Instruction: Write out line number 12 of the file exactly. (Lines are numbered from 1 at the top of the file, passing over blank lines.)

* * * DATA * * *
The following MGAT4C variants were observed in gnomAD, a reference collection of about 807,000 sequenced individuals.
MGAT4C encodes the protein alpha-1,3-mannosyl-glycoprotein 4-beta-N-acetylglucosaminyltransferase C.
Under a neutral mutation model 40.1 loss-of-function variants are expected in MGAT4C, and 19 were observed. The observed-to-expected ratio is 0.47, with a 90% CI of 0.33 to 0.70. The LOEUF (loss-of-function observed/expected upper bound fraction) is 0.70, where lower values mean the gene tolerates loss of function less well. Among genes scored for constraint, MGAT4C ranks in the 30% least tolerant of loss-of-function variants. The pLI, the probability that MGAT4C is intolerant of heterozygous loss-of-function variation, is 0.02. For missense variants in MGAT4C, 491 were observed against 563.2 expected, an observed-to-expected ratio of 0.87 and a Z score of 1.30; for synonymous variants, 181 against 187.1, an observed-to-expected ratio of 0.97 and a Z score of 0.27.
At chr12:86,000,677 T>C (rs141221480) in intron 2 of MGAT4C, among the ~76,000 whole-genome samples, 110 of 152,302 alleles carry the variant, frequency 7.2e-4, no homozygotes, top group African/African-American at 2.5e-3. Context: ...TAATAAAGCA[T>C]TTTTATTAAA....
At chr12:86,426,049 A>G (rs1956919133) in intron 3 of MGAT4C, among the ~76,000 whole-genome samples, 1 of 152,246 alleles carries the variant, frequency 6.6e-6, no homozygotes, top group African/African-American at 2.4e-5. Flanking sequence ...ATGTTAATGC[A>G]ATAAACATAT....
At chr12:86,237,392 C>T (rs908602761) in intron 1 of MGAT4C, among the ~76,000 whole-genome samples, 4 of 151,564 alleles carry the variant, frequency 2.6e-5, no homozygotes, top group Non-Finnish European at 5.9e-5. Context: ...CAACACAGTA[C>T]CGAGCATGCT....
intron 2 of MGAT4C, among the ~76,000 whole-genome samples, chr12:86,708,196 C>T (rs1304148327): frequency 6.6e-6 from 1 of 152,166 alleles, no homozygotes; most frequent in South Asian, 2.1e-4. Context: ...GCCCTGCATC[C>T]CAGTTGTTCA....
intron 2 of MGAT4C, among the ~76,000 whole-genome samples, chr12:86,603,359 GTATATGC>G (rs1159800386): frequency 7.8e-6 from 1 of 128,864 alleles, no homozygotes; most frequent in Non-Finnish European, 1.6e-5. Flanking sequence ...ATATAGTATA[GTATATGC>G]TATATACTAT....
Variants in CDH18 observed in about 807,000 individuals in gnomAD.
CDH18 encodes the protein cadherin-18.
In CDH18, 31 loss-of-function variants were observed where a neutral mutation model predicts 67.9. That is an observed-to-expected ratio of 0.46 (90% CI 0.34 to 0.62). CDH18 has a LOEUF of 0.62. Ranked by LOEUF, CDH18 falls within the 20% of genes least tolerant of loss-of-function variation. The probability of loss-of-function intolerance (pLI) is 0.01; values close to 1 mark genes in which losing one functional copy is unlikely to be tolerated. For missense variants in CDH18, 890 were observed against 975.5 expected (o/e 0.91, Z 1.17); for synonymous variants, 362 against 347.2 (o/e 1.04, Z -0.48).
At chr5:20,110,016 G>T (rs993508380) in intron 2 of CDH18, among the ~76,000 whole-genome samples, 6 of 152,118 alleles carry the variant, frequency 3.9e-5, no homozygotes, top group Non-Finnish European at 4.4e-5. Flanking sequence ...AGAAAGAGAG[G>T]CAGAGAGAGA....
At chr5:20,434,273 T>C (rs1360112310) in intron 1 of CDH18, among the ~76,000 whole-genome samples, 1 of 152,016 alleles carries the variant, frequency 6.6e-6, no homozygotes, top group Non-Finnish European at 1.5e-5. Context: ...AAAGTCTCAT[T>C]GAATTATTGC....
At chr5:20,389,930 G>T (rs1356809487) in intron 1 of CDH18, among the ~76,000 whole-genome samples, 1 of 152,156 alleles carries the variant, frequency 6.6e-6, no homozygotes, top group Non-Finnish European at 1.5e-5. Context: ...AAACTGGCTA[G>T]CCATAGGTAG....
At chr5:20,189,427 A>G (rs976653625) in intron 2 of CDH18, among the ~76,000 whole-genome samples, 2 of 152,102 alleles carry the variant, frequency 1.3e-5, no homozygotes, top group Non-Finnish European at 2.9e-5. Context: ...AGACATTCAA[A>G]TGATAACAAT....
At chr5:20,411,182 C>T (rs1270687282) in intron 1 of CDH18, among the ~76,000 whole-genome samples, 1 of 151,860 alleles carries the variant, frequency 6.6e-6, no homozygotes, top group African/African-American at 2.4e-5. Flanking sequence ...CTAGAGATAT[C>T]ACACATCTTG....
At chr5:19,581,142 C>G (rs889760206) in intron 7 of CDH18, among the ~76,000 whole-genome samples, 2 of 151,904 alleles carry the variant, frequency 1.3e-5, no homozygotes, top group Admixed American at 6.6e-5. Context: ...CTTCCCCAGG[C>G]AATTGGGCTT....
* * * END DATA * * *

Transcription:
At chr5:20,110,016 G>T (rs993508380) in intron 2 of CDH18, among the ~76,000 whole-genome samples, 6 of 152,118 alleles carry the variant, frequency 3.9e-5, no homozygotes, top group Non-Finnish European at 4.4e-5. Flanking sequence ...AGAAAGAGAG[G>T]CAGAGAGAGA....